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Study blogging: an inspiration or an unrealistic ideal?

Oxford University student Una Yates, 19, explores the rising trend of study blogging and the opportunities to encourage learning, but also the pressures it can put on already-overwhelmed young people.

As a student studying history at Oxford University, I have become very familiar with the way that social media has impacted academic life for students. The two main sources of online study inspiration I’ve found are blogging, a primarily aesthetic trend, and vlogging, which offers practical advice and an insight into the academic life of students.

Blogging and vlogging have been around for a while now, covering beauty, lifestyle and much more. But study blogging really took off in 2014 and has been thriving ever since.

The #studyblrs craze on tumblr, also prevalent on Instagram (known as #studygram), involves creating visually appealing notes and posting them online. It takes inspiration from lifestyle blogging; the quintessential ‘look’ includes coffee and porcelain, a faded Instagram filter, clean lines, pastels and pristine calligraphy.

'The internet as a creative outlet can ease the process of revision, making learning more dynamic'

It can be a supportive space for young people to work towards their academic goals. Using the internet as a creative outlet can ease the process of revision, making learning more dynamic. As a visual learner, I found that beautifying my A level notes helped me absorb them more effectively. Also, the world of #studyblrs is dominated by women, providing an online trend that focuses on female creativity and intelligence rather than appearances.

Tara, a 19-year-old Edinburgh University student who runs a #studygram account, @procastinating.planning told me, ‘Since joining this world, I have found it both enjoyable and inspiring. To see people sharing their art and work, which would likely otherwise never see the light of day, can be a pleasure.’

Despite enjoying it, Tara is aware of its flaws. ‘It is also a perfection driven environment, and can seem competitive at times, driven by the algorithm and likes which are central to all social media’.

Just like lifestyle channels on YouTube, study vloggers have picked up their cameras to offer advice to viewers on everything from good revision note-taking methods to applications to university. Vloggers like Revision with Eve (Eve Bennett) and Unjaded Jade (Jade Bowler) have taken their viewers through their own A level journeys, showing academic success and failure.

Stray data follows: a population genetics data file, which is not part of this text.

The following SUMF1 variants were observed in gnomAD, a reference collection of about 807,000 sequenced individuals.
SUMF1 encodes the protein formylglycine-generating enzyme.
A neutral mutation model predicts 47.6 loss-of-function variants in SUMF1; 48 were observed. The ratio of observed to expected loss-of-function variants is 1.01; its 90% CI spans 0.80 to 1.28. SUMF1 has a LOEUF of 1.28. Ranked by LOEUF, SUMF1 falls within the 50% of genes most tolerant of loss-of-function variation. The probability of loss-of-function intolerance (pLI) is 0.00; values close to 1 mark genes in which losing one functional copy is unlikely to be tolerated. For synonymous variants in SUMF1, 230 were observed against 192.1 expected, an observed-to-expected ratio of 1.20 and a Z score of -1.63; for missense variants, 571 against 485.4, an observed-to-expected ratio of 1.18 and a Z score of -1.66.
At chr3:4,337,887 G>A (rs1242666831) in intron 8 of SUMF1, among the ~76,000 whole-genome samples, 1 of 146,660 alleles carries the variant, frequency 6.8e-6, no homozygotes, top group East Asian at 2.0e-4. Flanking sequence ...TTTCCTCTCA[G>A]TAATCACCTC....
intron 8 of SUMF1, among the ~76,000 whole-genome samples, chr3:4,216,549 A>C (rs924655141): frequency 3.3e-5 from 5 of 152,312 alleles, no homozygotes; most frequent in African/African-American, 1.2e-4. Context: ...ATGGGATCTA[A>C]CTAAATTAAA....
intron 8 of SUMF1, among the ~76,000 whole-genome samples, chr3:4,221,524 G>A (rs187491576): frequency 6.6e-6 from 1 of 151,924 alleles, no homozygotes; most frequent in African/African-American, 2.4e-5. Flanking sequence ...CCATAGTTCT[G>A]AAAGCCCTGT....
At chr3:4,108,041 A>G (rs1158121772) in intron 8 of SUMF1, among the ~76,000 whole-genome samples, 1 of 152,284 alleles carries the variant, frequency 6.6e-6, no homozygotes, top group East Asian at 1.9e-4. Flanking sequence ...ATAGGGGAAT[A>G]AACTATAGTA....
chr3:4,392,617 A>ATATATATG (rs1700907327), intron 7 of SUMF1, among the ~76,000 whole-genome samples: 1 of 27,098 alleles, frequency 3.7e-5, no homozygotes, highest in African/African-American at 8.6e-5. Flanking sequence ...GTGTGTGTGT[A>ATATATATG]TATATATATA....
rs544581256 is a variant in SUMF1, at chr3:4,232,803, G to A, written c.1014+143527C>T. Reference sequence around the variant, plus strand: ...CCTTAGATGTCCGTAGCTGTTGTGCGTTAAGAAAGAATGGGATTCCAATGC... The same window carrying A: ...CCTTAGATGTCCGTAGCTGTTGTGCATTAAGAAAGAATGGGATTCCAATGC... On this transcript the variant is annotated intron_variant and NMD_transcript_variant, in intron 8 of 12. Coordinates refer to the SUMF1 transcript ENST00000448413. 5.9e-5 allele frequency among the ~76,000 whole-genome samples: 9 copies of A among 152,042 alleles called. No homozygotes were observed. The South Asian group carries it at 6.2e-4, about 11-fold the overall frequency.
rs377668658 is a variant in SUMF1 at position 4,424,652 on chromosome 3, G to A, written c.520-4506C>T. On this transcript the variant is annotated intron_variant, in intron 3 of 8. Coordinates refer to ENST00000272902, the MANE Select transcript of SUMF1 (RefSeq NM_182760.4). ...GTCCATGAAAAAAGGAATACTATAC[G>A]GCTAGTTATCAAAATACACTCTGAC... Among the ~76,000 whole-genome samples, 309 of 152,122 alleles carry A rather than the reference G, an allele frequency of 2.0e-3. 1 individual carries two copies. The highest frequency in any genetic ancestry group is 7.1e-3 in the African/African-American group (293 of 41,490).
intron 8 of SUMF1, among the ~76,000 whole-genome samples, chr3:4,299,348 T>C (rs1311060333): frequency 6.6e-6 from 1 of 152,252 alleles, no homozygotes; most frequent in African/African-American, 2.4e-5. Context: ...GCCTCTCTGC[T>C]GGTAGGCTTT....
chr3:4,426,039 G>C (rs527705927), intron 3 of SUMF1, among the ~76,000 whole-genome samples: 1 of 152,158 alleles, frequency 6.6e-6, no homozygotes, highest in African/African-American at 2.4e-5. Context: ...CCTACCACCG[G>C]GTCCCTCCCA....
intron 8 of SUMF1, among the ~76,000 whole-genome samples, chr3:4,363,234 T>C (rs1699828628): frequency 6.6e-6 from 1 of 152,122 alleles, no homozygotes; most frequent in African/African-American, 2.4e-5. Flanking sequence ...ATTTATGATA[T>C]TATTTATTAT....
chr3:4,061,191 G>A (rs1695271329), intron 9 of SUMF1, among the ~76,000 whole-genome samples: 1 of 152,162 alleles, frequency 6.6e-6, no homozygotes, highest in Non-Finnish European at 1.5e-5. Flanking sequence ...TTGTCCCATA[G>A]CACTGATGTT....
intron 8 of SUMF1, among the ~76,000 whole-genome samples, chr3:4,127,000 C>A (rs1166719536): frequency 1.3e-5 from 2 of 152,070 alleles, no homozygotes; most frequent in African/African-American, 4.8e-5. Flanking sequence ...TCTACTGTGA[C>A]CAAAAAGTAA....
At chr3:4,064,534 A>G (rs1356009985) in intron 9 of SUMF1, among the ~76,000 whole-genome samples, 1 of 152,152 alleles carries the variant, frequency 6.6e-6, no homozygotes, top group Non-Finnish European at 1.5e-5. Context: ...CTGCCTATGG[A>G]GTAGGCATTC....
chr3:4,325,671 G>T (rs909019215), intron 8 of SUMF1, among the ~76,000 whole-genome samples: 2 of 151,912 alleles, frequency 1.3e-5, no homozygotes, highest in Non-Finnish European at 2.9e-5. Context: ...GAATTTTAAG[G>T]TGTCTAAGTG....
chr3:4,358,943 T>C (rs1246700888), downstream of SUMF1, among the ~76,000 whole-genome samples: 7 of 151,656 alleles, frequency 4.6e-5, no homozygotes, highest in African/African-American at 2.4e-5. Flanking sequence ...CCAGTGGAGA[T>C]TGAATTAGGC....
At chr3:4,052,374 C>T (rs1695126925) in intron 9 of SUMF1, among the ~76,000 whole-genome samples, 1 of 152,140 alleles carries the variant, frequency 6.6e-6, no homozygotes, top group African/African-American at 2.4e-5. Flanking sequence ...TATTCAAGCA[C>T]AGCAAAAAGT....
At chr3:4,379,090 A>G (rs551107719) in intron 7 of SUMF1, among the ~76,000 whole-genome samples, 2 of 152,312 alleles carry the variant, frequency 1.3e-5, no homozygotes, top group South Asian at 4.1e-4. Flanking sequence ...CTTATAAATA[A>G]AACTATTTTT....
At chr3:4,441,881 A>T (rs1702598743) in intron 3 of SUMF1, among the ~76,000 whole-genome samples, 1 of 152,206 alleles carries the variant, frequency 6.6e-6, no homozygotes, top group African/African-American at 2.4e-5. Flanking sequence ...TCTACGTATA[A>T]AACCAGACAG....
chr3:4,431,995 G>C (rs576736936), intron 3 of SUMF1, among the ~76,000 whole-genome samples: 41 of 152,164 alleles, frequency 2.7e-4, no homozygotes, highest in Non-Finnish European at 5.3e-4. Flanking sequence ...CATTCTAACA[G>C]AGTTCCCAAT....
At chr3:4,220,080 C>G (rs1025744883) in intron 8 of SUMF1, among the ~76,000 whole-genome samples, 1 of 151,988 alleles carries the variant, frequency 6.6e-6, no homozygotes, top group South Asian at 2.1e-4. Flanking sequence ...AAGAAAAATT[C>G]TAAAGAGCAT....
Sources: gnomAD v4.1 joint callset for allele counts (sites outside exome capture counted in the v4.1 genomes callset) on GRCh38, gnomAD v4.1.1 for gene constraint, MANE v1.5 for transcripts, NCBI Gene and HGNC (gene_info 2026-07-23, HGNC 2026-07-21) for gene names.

I find the candidness of these vlogs reassuring to viewers, as Ruby Granger and Unjaded Jade spoke honestly about the disappointment they felt of not getting into Oxford university.

The sharing of experiences through YouTube videos can also inspire those from disadvantaged backgrounds, as Cambridge student vlogger Ibz Mo has demonstrated. Ibz struggled in secondary school due to difficult home circumstances and being bullied at school. However, Ibz went on to achieve two A stars and one A at A levels and is now studying Psychology at Cambridge university.

Though it is mostly female bloggers creating this type of content, both sexes are being inspired by study tubers. Michael, a 17-year-old school student revising for his A levels, finds practical advice in study vlogs.

‘[Revision with Eve] shows how she plans work and techniques she uses for motivation which are easily applicable to my own study routine.’

 

 

'Study inspiration online can create unrealistic expectations’

Despite the positives, study inspiration online can create unrealistic expectations. Popular ‘study with me’ videos often represent a 15 or 20-hour study day. Some study blogs promote self-care, encouraging followers to be open about creating dialogue about mental health, whilst also publishing pictures of unrealistic 7 am to 9 pm schedules.

This can leave some students feeling inadequate. I remember deliberately avoiding ‘study with me’ videos during A levels to preserve self confidence in my own study routine. Just as Instagram has been criticised for its curated version of people’s lives, these study inspiration blogs and vlogs depict students only at their most productive. Followers don’t see the hours it takes to edit a video or create a beautiful set of notes photographed in perfect lighting.

Is study inspiration online a harmless hobby for creative students, or a competitive race for people seeking followers and likes? I think this online trend can be inspiring for ambitious young people. But, it can present an unrealistic image of academic life. For visual learners, like myself, study blogging is a dynamic way to liven up the often-mundane task of revision, while study vlogging can offer invaluable advice.

As I head back to university in October, I’ll continue to be inspired and engage with study blogging and vlogging, but I’ll also remember to keep a critical eye out for its flaws.